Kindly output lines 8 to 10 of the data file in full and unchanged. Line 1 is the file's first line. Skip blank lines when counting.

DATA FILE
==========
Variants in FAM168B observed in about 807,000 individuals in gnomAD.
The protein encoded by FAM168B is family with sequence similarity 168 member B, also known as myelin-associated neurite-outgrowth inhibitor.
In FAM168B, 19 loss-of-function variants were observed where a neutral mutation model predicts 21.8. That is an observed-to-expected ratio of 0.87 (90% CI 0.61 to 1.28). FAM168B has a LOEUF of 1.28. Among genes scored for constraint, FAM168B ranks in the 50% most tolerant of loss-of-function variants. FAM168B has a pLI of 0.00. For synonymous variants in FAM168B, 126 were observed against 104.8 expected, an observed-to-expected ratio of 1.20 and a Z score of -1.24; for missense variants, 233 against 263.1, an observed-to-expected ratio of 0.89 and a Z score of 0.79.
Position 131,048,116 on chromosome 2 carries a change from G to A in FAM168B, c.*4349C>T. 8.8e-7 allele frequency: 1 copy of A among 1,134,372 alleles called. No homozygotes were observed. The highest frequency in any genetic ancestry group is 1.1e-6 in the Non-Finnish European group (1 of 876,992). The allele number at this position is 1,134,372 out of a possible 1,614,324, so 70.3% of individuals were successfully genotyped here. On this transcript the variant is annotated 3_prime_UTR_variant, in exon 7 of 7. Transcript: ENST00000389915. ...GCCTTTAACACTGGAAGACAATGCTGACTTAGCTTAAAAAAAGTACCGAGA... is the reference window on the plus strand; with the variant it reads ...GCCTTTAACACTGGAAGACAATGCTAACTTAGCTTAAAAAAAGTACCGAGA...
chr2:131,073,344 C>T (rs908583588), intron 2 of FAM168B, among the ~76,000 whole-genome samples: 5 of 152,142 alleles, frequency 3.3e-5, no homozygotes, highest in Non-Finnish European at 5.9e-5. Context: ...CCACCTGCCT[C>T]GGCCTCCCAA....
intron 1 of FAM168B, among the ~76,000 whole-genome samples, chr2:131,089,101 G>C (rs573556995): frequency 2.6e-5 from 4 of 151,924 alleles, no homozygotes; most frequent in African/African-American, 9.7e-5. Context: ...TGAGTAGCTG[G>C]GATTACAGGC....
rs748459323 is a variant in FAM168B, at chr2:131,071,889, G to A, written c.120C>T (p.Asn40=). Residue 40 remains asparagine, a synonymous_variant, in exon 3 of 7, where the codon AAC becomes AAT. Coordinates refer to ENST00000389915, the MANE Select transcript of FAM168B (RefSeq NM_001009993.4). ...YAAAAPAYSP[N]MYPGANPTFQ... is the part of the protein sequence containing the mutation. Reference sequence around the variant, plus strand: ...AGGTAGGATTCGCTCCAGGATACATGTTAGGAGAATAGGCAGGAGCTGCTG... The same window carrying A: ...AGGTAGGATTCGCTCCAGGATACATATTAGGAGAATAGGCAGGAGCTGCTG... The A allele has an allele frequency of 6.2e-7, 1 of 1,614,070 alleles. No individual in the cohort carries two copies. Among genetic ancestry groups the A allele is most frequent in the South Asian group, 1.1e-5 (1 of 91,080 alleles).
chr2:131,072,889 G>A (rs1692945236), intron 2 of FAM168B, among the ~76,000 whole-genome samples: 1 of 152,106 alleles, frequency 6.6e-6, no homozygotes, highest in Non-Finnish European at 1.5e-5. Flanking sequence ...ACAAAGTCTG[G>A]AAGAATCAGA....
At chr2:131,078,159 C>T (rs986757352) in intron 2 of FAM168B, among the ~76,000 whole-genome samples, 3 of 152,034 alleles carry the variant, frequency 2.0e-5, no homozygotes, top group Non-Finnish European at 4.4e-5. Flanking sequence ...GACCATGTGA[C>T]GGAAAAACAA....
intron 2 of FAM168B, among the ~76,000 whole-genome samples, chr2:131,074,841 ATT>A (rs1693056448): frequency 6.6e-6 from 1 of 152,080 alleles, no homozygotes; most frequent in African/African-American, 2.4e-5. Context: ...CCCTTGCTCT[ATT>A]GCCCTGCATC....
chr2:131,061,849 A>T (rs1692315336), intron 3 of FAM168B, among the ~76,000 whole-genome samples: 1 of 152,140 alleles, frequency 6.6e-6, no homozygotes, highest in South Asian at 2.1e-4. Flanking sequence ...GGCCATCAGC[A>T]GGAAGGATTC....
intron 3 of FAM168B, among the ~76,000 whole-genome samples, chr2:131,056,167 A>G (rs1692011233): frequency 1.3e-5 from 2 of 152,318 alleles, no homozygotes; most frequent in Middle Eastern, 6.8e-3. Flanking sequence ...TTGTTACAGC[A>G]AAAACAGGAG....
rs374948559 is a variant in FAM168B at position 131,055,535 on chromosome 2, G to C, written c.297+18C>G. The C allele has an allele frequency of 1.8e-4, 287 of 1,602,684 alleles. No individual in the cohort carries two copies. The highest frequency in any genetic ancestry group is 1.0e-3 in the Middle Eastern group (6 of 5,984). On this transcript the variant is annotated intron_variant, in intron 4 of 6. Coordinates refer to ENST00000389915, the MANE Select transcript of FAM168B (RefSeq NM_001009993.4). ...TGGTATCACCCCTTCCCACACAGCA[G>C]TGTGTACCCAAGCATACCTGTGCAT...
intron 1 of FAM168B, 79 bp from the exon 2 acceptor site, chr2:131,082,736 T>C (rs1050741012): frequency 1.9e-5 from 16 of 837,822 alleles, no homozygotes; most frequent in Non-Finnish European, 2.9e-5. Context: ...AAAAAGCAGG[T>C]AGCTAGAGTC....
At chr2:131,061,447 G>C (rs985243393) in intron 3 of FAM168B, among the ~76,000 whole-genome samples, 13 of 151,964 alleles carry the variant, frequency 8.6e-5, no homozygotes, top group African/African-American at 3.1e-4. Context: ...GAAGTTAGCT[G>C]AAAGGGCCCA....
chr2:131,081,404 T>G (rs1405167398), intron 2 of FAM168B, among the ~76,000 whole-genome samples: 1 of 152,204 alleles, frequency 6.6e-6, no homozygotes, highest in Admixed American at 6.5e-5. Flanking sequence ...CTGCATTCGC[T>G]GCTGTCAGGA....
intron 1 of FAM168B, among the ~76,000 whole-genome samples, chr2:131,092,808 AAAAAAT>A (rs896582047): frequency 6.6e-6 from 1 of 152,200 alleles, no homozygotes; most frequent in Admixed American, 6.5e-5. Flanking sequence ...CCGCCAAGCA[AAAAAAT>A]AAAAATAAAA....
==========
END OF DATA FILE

chr2:131,072,889 G>A (rs1692945236), intron 2 of FAM168B, among the ~76,000 whole-genome samples: 1 of 152,106 alleles, frequency 6.6e-6, no homozygotes, highest in Non-Finnish European at 1.5e-5. Flanking sequence ...ACAAAGTCTG[G>A]AAGAATCAGA....
At chr2:131,078,159 C>T (rs986757352) in intron 2 of FAM168B, among the ~76,000 whole-genome samples, 3 of 152,034 alleles carry the variant, frequency 2.0e-5, no homozygotes, top group Non-Finnish European at 4.4e-5. Flanking sequence ...GACCATGTGA[C>T]GGAAAAACAA....
intron 2 of FAM168B, among the ~76,000 whole-genome samples, chr2:131,074,841 ATT>A (rs1693056448): frequency 6.6e-6 from 1 of 152,080 alleles, no homozygotes; most frequent in African/African-American, 2.4e-5. Context: ...CCCTTGCTCT[ATT>A]GCCCTGCATC....